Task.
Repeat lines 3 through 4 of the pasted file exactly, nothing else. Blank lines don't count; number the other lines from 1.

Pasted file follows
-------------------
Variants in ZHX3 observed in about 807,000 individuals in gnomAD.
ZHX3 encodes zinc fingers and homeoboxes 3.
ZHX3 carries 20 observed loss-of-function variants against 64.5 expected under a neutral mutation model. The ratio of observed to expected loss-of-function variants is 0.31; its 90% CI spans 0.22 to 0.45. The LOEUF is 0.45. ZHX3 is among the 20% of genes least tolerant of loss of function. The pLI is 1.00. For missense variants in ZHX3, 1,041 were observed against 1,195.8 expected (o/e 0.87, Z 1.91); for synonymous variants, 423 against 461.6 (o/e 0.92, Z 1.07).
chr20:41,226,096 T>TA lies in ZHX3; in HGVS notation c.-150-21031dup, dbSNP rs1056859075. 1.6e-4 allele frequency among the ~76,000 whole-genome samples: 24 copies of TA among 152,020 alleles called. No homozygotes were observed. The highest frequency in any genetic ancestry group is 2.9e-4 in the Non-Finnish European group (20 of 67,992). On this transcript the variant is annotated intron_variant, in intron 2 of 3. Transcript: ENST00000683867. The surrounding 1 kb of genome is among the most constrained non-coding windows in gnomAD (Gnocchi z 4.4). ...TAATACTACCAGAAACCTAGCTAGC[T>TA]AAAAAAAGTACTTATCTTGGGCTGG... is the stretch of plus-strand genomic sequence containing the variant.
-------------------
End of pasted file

ZHX3 carries 20 observed loss-of-function variants against 64.5 expected under a neutral mutation model. The ratio of observed to expected loss-of-function variants is 0.31; its 90% CI spans 0.22 to 0.45. The LOEUF is 0.45. ZHX3 is among the 20% of genes least tolerant of loss of function. The pLI is 1.00. For missense variants in ZHX3, 1,041 were observed against 1,195.8 expected (o/e 0.87, Z 1.91); for synonymous variants, 423 against 461.6 (o/e 0.92, Z 1.07).
chr20:41,226,096 T>TA lies in ZHX3; in HGVS notation c.-150-21031dup, dbSNP rs1056859075. 1.6e-4 allele frequency among the ~76,000 whole-genome samples: 24 copies of TA among 152,020 alleles called. No homozygotes were observed. The highest frequency in any genetic ancestry group is 2.9e-4 in the Non-Finnish European group (20 of 67,992). On this transcript the variant is annotated intron_variant, in intron 2 of 3. Transcript: ENST00000683867. The surrounding 1 kb of genome is among the most constrained non-coding windows in gnomAD (Gnocchi z 4.4). ...TAATACTACCAGAAACCTAGCTAGC[T>TA]AAAAAAAGTACTTATCTTGGGCTGG... is the stretch of plus-strand genomic sequence containing the variant.